Legal Incapacity Documents Defined

Legal Incapacity Documents Defined

Most clients know that they need a Power of Attorney in the event that they become incapacitated, but many do not know what other documents they need.  Still others are not aware that these documents are only effective during their lifetimes– when you die, these documents do as well.  Every person needs to have the following documents in place:

  • Last Will and Testament: A legal document that provides instructions for how to distribute assets after death.  A Will may also (1) state the guardian for minor children and/or (2) appoint an executor to administer the estate in accordance with the Testator’s wishes.
  • Durable Power of Attorney: A legal document that allows you to appoint a family member or friend to serve as an agent for you to manage your finances if you are no longer able to manage them yourself.  This document is be necessary in the event you become either temporarily or permanently incapacitated. Without this document (or a Guardian of Self) in place, should you become incapacitated, the Court will order a guardianship for you.  However, a court-ordered guardianship is both time-consuming and costly.
  • Guardianship: A legal document that appoints a family member or friend to to care for you in the event you become physically or mentally incapable of caring for yourself.
  • Medical Power of Attorney: A legal document that allows you to appoint a family member or friend to make medical decisions for you in the event you become unconscious or mentally incapable of making those decisions on your own.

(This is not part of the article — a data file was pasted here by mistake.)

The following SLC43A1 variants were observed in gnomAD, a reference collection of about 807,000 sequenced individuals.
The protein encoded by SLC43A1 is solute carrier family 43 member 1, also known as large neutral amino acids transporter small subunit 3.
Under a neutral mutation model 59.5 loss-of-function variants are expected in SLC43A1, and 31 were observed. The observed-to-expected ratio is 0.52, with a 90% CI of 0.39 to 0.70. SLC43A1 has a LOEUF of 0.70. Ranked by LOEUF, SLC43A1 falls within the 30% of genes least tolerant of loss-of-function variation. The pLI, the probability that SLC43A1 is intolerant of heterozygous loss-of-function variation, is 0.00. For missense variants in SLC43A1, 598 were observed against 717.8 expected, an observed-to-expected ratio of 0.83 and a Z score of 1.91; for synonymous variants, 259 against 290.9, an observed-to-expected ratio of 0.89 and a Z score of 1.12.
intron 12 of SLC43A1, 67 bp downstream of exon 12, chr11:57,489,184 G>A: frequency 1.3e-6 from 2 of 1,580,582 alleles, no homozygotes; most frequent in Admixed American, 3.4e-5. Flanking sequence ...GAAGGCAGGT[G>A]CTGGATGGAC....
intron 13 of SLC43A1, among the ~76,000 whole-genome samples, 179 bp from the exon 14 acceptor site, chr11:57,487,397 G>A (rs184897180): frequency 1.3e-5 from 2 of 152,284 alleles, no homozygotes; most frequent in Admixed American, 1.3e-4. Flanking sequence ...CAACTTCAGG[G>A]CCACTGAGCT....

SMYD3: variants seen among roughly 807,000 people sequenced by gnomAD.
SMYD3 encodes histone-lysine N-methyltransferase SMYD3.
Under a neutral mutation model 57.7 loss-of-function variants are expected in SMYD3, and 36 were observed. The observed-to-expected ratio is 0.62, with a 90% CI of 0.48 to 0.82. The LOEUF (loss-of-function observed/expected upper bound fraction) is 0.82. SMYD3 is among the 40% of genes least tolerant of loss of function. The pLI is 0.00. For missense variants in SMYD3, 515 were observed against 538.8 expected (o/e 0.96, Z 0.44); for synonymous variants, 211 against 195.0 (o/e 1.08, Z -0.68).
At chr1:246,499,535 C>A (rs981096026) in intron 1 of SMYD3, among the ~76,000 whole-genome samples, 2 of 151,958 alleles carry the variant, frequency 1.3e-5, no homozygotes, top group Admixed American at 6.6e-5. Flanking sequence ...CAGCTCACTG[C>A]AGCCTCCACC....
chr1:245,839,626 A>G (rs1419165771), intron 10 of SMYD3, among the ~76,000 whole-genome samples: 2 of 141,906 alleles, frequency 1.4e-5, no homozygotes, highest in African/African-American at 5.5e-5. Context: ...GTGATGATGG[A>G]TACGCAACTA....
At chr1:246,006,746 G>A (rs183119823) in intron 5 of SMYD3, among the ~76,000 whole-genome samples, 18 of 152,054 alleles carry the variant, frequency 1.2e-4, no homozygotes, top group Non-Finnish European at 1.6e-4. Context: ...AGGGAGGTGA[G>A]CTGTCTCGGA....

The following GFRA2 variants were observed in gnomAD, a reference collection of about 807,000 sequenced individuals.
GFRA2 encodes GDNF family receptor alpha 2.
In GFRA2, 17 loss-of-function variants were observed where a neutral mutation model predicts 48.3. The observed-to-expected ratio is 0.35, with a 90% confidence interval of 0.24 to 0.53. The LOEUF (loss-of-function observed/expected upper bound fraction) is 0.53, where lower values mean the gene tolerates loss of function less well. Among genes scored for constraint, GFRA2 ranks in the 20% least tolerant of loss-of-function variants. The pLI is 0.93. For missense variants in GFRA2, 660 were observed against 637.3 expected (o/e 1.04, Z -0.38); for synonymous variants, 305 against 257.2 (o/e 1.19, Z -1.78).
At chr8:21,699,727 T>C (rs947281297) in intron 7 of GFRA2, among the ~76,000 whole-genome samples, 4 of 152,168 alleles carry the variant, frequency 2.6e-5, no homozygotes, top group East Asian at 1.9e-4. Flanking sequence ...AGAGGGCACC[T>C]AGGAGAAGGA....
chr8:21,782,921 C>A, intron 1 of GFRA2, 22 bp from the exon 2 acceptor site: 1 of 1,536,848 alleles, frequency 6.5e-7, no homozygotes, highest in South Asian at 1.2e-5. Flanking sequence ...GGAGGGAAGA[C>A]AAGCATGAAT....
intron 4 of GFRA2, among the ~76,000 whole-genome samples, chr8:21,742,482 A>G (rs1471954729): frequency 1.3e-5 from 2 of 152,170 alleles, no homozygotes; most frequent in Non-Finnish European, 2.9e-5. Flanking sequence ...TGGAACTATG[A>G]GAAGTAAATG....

• HIPPA Authorization: HIPPA is the Health Insurance Portability and Accountability Act that was passed by Congress in 1996. HIPAA lays out rules and places limits on persons who are able to review your medical records or to receive your health information. Doctors and medical staff who violate HIPAA regulations are subject to civil financial penalties or imprisonment in extreme cases. Having a HIPAA Authorization in place allows you to name a family member or friend to have access to your medical information so that your health care provider or insurance company may share medical information with persons named on the authorization.
  • Medical Directive: A legal document, also known as the living will, which directs physicians to administer, withhold or withdraw life-sustaining treatments in the event of a terminal or irreversible condition.

Yes–there is an App for that, too.  Check out the My Healthcare Wishes app for your iPhone or Android device and you can upload these documents to your smartphone for instant access.

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